Che Patterson and Kurt Volkan’s feature film, Home Entertainment, concerns the harassment of a young newlywed couple in their home. After Jay (Frank Angelini) and Jennie (Christie McDonald) return from their honeymoon, they begin receiving random phone calls and hang-ups, and find elements of their home disturbed, such as the defaced picture of the couple together. As they try to figure out what’s going on, the couple reveal pieces of their past that they’ve kept from one another, particularly that Jennie used to have a stalker. As the incidents around the house escalate, amid other personal dramas, time begins to run out for the couple.
In the opening of the film, we see a mysterious figure going about setting up cameras. This is the introduction to the film’s compositional perspective and aesthetic, that most of what you see throughout the film comes from a camera hidden somewhere in Jay and Jennie’s home. This leads to a voyeuristic feel, obviously, but also a detached one.
This results in a separation that can be daunting to overcome for an audience. You never find yourself connecting with the characters, or find a reason to care beyond what natural empathy you might have. Thus, you watch the film wondering what might happen next, but not really caring all that much to find out.
Plus, to a certain extent, you can predict what is going to happen. Certain plot developments are too obvious and simple, and anyone who has seen their fair share of thrillers can detect where this one will end up. For this reason, the film is riding on the experience the audience has throughout to overcome any familiarity or predictability of the story.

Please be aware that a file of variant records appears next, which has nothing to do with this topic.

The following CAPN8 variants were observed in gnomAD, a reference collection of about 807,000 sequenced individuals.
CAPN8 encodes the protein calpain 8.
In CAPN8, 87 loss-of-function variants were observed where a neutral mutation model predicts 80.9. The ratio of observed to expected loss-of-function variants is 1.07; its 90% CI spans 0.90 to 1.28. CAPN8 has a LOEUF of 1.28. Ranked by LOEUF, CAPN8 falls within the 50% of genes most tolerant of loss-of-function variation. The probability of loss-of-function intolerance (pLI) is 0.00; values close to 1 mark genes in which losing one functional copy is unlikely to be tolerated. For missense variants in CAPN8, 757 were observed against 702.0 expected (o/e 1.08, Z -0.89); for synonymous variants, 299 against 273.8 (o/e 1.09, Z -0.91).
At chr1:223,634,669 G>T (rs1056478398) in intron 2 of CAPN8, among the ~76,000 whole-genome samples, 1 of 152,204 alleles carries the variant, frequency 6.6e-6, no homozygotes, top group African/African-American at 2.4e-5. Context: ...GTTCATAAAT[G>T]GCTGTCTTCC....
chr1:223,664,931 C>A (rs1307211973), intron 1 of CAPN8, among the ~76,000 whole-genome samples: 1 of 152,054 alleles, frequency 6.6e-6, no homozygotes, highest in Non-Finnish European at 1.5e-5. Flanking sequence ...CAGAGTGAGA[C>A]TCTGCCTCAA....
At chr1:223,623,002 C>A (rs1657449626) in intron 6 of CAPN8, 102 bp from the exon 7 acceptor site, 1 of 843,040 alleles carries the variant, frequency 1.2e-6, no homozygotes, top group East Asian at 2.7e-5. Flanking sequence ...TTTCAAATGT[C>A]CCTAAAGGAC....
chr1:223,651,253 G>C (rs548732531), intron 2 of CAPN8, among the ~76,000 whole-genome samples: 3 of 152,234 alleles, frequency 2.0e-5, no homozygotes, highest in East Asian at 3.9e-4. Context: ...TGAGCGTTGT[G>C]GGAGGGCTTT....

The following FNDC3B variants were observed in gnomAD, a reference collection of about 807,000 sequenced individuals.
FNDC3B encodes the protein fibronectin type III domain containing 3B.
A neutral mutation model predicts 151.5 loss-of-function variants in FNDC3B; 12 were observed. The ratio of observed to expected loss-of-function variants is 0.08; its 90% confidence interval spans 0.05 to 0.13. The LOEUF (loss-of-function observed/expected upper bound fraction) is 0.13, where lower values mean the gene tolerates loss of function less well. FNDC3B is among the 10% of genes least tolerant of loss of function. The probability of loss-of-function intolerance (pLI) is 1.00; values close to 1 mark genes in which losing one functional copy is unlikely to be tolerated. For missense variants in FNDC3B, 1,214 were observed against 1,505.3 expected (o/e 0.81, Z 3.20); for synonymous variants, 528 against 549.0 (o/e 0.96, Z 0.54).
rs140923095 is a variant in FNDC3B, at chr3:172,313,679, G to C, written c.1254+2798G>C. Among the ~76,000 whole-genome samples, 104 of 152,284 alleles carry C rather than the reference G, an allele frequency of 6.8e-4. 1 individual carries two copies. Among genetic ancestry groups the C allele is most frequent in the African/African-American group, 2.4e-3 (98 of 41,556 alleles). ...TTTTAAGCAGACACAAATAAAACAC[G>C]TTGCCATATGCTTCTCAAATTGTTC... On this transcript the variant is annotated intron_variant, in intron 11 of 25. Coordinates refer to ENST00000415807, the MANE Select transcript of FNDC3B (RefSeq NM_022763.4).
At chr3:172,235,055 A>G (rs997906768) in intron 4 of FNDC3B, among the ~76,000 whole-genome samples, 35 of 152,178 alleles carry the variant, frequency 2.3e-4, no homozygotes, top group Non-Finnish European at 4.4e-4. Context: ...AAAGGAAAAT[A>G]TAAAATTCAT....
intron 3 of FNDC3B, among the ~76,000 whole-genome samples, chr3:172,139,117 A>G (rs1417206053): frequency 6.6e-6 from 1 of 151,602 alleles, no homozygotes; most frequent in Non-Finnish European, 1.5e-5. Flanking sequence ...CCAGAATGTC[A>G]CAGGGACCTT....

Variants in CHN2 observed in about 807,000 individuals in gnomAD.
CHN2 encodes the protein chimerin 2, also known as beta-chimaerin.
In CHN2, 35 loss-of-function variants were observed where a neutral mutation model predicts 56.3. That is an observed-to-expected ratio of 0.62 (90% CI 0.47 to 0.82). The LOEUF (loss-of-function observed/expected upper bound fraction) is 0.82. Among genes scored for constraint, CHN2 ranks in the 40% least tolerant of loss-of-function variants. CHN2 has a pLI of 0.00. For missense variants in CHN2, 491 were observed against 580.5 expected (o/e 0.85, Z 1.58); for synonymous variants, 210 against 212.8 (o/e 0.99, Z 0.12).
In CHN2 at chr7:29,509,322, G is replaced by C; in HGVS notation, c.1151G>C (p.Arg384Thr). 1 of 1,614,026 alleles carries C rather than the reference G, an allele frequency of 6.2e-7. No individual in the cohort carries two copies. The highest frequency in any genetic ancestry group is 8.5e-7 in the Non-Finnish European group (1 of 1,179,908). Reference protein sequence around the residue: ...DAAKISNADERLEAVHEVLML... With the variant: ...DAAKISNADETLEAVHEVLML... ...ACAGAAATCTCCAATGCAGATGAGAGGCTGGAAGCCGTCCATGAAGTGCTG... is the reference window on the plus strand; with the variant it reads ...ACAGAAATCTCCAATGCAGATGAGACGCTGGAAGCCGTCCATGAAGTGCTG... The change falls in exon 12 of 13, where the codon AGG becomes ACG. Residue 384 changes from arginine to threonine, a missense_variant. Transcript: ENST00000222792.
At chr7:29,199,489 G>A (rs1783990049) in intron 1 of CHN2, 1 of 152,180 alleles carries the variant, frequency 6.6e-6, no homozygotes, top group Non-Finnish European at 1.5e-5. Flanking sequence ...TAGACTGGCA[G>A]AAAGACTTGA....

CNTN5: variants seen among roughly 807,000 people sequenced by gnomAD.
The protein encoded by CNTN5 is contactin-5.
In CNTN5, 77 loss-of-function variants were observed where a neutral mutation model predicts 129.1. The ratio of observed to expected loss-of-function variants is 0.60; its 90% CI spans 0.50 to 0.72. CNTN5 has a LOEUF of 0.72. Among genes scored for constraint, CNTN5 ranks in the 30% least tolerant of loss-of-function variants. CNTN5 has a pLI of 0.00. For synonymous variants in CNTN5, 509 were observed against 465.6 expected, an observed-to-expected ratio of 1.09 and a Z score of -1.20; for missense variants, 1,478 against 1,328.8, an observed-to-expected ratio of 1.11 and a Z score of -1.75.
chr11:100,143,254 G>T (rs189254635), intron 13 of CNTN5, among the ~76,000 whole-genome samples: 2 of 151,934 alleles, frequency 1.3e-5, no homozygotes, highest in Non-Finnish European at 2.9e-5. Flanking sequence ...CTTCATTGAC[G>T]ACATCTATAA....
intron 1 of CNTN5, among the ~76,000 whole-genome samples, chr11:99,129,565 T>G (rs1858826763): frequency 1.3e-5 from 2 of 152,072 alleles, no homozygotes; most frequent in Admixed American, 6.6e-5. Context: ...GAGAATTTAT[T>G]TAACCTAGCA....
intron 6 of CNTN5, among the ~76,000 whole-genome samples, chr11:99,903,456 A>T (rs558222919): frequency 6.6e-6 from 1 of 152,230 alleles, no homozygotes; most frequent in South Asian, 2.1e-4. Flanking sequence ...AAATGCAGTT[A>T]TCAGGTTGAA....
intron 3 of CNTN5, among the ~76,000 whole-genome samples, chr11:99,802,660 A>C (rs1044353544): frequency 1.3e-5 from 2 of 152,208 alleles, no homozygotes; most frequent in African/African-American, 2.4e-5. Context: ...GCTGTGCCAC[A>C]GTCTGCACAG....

Unfortunately, for me, that experience wasn’t positive. Mostly I kept waiting for the film to do something more creative or unique with its basic idea, and show me something new or memorable. When it doesn’t, I was stuck with my non-caring for anyone in my film, which then became a disinterest in what was going to happen. Overall, I was bored.
I think the film relies too heavily on its main idea, that someone is watching this unaware couple in their home and then messing with them in subtle, and eventually not-so-subtle, ways that it fails to really do much of interest with that idea. It’s creepy, sure, but I was hopeful for more than just some attempted jump scares and red herrings. Ultimately, though, it’s hard to do much more than it does, because it commits to the hidden camera idea; you’re not going to get those really intense, personal, emotional moments when your predominant view is like that of a distant fly on the wall. Thus everything has to be broad, and the impact dissipates.
This film was submitted for review through our Submission for Review system. If you have a film you’d like us to see, and we aren’t already looking into it on our own, you too can utilize this service.